Why are there gaps in the chassis number range?
Ok – You really need to read this inconjunction with “What does the chassis number mean?” Every chassis (and i’m just talking here about a bare chassis) that was delivered from Arch Motors has it’s own unique sequential number on it in a hidden place and I’m not going to say where it is as it’s not really that important unless you are trying to change history ! It would be easy to call this number the cars “Chassis Number” and perhaps in a purist view it is but “Chassis Number” has a very different meaning for most people ! – So, let’s call it here the “BASE NUMBER”. So, at the end of the assembly period carried out in Shenstone by the Reliant team you had a large collection of cars built to different specifications LHD/RHD or ROAD/RALLY and at this point the car is only identifiable by what BASE NUMBER was turned into what car which nobody really cares about – All we care about is that there were 200 cars ready for inspection to allow the car to be homologated into Group B – We know that in fact most cars counted were not finished cars ready to run but had been thrown together to get the homologation done – There is a lot more to the story at this point but for now let’s leave it at that ! FORD then gave the instruction to break apart 48 cars back into parts and to stack those parts on a shelf. – Some of the parts, like the diffs (front and rear) and gearbox all also carry their own unique number on a tag attached to them but again, they were not fitted in line with the BASE NUMBER, for instance BASE NUMBER 50 did not necessarily have front and rear diff number 50 in it and gearbox number 50 ! What you end up with is a shelf full of enough parts to build at least 48 cars (plus the extra parts and bare chassis FORD ordered for the program) – All these parts have different numbers. What you have left in the garage is a load of cars ready for sale built onto various different BASE NUMBERS. A customer then comes in and says, “I want a RHD car, 250 BHP in ROAD trim with black seats and a red steering wheel” – FORD would then go and wheel out the nearest car to meet that specification and then give it the chassis number (The 17 digit number you can read about in the other FAQ). Bob Howe says, “To be honest, if it was going to help sell the car, a customer could have pretty much asked for what ever chassis number they wanted providing it had not been issued already. The only number we were never going to sell was 200 and 13 but other than that you could have what you wanted and some owners did in fact pick the number they wanted” What then happened was a VIN plate would be ordered up and would arrive to be fixed to the car and the car would be physically stamped with that number. If the owner wanted it registered, the papers would be sent off with that new number ready for a V5 (log book) to be issued. So, as you can see, most often a car has a BASE NUMBER that bears no relation to the formal CHASSIS NUMBER and neither to the Engine, Diffs or Gearbox ! In fact, during the preparation stage ready for delivery to the customer, if the car had a noisy diff it would simply be removed and another one fitted off the shelf so some cars had whatever they were built with changed again before delivery. I’ll give you an example, one of the cars that was sold was registered with a very memorable chassis number but it was built on BASE NUMBER 092, used engine number 153, rear axel number 086 and transaxel number 148. The important point here to remember is that the BASE chassis sitting on the shelf have no stamped number nor a VIN tag associated with them as they never got to that stage – Of the bare chassis I have seen in the flesh, they do not even have holes drilled to fix the VIN plate onto. Here is a service chassis sat on a trailer – You can see this is a LHD version that had been stripped back down for spares. (Not all service chassis have evidence they have ever been assembled, some I have seen still have paint in the bolt holes unlike this one where you can see the bonding agent that was used to hold the tub on)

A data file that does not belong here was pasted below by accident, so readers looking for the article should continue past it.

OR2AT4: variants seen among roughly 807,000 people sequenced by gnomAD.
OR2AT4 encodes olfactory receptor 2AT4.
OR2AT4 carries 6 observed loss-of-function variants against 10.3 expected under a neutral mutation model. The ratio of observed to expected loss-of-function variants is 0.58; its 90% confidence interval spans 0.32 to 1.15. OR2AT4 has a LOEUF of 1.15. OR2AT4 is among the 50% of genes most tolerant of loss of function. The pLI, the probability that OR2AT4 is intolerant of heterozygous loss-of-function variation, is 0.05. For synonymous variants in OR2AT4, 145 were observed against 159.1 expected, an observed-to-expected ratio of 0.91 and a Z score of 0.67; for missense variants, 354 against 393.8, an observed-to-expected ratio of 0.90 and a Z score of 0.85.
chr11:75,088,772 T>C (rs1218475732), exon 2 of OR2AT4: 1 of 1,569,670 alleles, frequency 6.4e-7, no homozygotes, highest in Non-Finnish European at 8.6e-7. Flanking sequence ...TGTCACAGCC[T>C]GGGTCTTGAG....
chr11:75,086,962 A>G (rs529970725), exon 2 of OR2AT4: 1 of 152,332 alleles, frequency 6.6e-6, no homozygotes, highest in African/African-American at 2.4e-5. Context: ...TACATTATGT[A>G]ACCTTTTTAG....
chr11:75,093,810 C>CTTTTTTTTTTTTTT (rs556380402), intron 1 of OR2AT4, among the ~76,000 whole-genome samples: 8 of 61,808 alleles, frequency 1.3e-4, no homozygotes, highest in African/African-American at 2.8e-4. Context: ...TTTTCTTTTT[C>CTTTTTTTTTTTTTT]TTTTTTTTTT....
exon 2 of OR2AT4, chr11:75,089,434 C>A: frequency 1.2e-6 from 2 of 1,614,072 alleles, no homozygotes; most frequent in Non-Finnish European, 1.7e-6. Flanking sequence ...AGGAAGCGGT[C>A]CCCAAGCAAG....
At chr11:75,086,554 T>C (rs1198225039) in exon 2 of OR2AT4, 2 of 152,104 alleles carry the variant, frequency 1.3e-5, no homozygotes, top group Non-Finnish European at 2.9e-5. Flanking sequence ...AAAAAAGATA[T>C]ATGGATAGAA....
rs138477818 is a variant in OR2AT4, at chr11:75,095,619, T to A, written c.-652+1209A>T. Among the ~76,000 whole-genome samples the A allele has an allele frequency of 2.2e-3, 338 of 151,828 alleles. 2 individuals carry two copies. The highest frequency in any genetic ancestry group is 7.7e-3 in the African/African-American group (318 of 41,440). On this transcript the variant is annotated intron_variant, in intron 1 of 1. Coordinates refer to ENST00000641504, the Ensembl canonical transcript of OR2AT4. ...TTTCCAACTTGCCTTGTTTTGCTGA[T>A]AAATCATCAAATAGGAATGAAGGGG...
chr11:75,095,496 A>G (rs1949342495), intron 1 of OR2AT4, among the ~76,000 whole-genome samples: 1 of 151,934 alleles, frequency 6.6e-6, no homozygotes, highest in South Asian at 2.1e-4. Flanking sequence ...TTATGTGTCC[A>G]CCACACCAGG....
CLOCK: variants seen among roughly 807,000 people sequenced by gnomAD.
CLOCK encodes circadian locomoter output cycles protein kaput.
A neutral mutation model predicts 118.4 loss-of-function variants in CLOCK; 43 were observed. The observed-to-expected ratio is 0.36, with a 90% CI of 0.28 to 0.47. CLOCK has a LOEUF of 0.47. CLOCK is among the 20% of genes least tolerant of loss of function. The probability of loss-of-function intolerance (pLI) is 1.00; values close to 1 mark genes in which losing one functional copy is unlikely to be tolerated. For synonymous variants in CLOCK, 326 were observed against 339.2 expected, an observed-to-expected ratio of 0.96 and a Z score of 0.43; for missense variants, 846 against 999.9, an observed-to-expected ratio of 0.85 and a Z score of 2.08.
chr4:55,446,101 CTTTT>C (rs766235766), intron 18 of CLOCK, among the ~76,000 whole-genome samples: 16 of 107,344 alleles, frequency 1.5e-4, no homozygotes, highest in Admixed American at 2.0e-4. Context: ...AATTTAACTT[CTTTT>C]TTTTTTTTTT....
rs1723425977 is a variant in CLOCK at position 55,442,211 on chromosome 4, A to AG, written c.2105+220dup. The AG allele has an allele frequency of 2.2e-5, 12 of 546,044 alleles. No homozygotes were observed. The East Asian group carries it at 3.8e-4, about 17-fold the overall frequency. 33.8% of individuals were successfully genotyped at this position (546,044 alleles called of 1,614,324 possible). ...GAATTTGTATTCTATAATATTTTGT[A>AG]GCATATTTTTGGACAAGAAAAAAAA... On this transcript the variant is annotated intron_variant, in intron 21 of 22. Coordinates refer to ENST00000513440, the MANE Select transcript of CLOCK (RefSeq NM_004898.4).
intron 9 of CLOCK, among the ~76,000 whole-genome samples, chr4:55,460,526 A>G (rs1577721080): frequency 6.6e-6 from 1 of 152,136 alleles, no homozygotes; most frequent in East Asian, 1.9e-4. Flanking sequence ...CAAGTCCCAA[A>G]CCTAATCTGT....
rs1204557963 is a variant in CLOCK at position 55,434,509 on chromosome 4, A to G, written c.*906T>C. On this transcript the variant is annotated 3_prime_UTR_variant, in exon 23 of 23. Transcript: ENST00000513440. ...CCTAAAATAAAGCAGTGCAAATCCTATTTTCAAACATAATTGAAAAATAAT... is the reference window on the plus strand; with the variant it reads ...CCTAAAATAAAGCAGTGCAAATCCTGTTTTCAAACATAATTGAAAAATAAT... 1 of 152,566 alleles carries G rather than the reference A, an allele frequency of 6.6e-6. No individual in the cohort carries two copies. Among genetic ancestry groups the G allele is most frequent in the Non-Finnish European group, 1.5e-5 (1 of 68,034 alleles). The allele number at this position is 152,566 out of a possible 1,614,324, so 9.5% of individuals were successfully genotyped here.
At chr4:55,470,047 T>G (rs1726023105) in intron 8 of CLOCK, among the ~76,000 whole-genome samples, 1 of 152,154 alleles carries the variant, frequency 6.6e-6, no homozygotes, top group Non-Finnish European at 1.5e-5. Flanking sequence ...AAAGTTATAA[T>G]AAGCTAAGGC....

This is normal practice in motorsport as you can buy replacement shells for cars and quite rightly they do not have a chassis number, they are called service shells – The problem comes when you finish building your RS200+ from these spare parts and you come to register it – The car has no chassis number, just a BASE NUMBER (if you even knew that !) and DVLA will not allow you to put an official FORD 17 digit number on it so they issue you with their own 17 digit number which normally starts with SATVRO – C2 OOE is a very fast, very well built and very well respected owner who has done just this. However, there are also people who have managed to convince DVLA that their car is un-registered and one of the original FORD built cars and as a result they have had documents issued in that number – You can read about these in the chassis number database
– In all honesty, I am not sure that is actually against the law at this point (don’t quote me on that !) but what does break the law is if you sell the car on with the buyer under the incorrect assumption as to it’s origin – This, in the UK, would constitute fraud